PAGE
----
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This post outlines the new features of PowerShell Pro Tools and PowerShell Universal that have been added in the April 2022 release cycle. This is a big one! 🥳
We have released new versions of the entire PowerShell Pro Tools suite of tools.
We’ve added a new cmdlet to edit PowerShell scripts directly in the console. It provides syntax highlighting, IntelliSense, syntax error checking, and execution.
Show-PSEditor is cross-platform and even works in the browser in terminals like Azure Cloud Shell.
The TUI Designer is now a part of the PowerShell Pro Tools module. Using
Show-TUIDesigner you can create PowerShell-based console GUIs.
The PowerShell Pro Tools for VS Code extension now supports MacOS ARM.
The April release of PowerShell Universal provides many new features built into the existing feature groups. See below for some notable examples.
You can now define API endpoints by path rather than in a single file. Using the
-Path parameter of
New-PSUEndpoint, you can point to an external file that will be called when executing the endpoint.
New-PSUEndpoint -Url '/get' -Method GET -Path 'Get.ps1'
When creating schedules, you can now select the timezone within the admin console.
We’ve added numerous new dashboard features include
PowerShell Universal will now automatically reclaim unused runspaces from APIs and dashboards. When busy, the server will allocate up to the maximum configured runspace count to provide the best performance. When not as busy, the server will reclaim and dispose of these runspaces to reduce the overall memory footprint of PSU.
Improvements have been made to the execution engine in APIs, jobs and dashboards to reduce the script execution time of standard runspace pools by up to 500%.
The PowerShell Universal VS Code extension now provides a walkthrough to configure it and connect to your instance.
We’re happy to announce the first beta of the next major version for PowerShell Universal. With PowerShell Universal v3, we are aiming for a simple upgrade from v2 with numerous new features to the core of the platform.
PowerShell Universal v3 supports configuring SQL Server as the persistence layer for jobs, identities, and app tokens. It also takes advantage of shared job queues so multiple PSU instances can use a single database. This means that your scheduled scripts will only run on one agent at a time without having to manage it yourself.
Universal Dashboard has been upgraded to MUIv5. This is the latest major version of the popular UI framework PowerShell Universal uses for dashboards. We’ve worked to elimate breaking changes and isolate client-side errors that may result from the upgrade. External components like charts, maps, styles, and the code editor are now included directly in the UD framework. You can still install and use third-party components.
We’ve added new components like
New-UDBadge. You’ll also be able to use the theme-aware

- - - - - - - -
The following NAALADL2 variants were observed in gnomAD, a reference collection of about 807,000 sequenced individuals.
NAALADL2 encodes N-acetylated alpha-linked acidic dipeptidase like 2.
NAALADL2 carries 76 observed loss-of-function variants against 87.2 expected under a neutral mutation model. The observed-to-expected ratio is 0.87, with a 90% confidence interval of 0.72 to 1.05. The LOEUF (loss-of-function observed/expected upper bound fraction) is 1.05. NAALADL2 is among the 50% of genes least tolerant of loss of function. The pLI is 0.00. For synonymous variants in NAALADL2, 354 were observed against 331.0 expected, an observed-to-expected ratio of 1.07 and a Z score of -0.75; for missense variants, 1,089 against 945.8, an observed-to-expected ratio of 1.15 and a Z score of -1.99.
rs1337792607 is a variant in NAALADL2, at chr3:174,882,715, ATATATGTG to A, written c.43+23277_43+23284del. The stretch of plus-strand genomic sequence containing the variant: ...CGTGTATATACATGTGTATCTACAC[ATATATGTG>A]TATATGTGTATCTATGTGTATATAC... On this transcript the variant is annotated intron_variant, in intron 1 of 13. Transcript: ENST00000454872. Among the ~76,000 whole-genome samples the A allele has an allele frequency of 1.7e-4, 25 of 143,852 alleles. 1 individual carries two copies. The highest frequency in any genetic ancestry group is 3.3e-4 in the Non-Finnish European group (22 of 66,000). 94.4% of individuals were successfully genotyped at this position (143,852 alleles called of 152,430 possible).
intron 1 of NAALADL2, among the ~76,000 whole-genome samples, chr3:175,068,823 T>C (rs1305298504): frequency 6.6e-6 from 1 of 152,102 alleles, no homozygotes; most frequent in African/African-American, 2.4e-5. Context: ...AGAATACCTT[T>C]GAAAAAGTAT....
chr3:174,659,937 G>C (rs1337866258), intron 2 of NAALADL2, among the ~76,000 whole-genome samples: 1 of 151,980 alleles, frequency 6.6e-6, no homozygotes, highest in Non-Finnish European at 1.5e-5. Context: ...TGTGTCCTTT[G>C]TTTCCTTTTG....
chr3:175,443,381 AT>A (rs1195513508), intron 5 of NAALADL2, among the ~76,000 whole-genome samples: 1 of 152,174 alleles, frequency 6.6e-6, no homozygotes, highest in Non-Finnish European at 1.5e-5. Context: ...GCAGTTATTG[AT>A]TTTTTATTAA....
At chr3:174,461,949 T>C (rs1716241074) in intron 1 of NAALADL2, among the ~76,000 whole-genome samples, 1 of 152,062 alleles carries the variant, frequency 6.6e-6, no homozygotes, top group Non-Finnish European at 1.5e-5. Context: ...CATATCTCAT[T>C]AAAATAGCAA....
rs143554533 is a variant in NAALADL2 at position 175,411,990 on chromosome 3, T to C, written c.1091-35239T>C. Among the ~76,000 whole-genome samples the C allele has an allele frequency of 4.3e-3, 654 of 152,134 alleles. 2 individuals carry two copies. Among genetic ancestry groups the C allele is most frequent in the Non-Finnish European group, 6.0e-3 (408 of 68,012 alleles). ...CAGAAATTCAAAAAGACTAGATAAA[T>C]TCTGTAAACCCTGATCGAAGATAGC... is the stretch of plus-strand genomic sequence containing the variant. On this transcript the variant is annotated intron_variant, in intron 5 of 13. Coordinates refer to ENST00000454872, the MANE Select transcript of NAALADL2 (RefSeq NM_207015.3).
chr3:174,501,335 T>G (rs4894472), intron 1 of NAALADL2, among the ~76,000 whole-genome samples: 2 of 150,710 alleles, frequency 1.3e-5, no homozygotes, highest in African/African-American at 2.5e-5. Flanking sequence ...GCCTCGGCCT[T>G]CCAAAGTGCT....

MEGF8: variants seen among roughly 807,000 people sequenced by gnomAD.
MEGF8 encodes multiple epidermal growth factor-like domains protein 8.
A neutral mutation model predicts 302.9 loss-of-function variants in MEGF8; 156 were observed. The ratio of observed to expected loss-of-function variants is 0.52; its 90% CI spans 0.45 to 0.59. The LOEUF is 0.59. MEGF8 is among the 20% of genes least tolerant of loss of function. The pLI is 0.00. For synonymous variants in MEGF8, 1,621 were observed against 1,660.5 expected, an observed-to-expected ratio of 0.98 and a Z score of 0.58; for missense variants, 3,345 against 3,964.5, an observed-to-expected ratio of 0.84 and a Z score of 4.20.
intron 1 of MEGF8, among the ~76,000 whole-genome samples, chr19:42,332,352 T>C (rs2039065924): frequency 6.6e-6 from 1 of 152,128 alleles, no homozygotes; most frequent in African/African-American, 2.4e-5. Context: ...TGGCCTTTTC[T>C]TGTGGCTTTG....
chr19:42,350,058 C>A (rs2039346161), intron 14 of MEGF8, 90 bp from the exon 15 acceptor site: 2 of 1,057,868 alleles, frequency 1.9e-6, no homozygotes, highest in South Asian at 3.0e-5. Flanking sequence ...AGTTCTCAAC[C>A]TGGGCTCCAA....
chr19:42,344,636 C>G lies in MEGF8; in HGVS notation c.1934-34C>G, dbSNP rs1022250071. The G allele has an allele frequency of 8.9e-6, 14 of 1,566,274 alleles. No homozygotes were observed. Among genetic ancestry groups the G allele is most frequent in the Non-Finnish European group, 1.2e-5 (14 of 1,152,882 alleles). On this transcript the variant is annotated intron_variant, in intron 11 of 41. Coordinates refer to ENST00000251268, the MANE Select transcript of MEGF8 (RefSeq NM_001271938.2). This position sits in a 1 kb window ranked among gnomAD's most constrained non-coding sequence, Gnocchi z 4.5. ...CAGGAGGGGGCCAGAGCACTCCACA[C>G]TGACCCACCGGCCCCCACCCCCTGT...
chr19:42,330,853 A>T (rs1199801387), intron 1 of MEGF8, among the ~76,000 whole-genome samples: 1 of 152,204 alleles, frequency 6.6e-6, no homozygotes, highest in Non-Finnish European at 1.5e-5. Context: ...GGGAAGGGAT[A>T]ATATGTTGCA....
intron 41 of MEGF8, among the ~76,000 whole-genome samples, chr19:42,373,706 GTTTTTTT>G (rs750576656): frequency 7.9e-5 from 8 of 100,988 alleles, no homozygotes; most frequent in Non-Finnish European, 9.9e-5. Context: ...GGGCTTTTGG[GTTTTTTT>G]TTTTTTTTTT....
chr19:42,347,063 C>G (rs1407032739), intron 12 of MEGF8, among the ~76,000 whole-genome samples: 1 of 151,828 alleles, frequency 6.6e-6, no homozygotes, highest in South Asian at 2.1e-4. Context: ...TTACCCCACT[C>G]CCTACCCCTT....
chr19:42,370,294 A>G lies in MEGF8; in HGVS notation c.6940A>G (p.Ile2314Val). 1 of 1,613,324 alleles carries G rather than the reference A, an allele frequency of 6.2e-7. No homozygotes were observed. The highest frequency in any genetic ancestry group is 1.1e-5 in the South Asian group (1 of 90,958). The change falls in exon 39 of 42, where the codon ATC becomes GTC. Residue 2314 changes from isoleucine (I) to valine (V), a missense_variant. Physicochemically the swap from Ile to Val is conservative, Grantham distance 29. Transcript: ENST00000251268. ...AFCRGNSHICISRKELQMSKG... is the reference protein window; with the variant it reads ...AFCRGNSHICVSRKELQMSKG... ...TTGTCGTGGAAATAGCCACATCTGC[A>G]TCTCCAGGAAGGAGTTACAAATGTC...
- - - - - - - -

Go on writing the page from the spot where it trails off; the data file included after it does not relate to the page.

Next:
-Sx parameter on
New-UDStyle to adjust styles based on your theme rather than just static CSS.
Additionally, you can build complex forms using hashtable-based schemas with
-Schema parameter. You’ll be able to create fields, enforce validation and define the resulting object type just with a hashtable.
$Secret scope can now be used throughout your scripts. Rather than loading secrets when the environment is first loaded (and keeping the values in memory for the duration), secrets are now loaded on demand. You can use the
$Secret scope to access the value of these secrets.
Invoke-Command -ComputerName remote-machine -Credential $Secret:Credential
This helps to improve performance (as reading many secrets can be slow) and improve security posture by reducing the amount of private information stored in memory.
PowerShell Universal now runs on .NET 6.0 and PowerShell 7.2. The latest, stable version of the .NET platform provides performance improvements to both the runtime as well as the web server. PowerShell 7.2 is now the default for the integrated environment.
You can now edit any file within the repository. You can also create and delete files and folders on the fly.
You can now view the live log view on the diagnostics page. Similar to Log Stream in Azure, it provides up to second log messages coming from your PSU server.
You can now configure PowerShell Universal to use the HTTP.sys listener on Windows. Primarily, this is beneficial for users that wish to use Windows Authentication without having to configure SPNs within their environment. HTTP.sys uses kernel-mode authentication so it does not require configuration of SPNs.
You can now configure the service account and port when installing PowerShell Universal using the MSI. Upgrades of PSU will now retain the service account without having to reconfigure it.
We’ve completely refactored the internal communication channel between the PowerShell Universal server and external PowerShell processes. This increases performance by avoiding needless allocations and conversions and reduces the overall source code line count to provide a more managable and less error-prone RPC layer.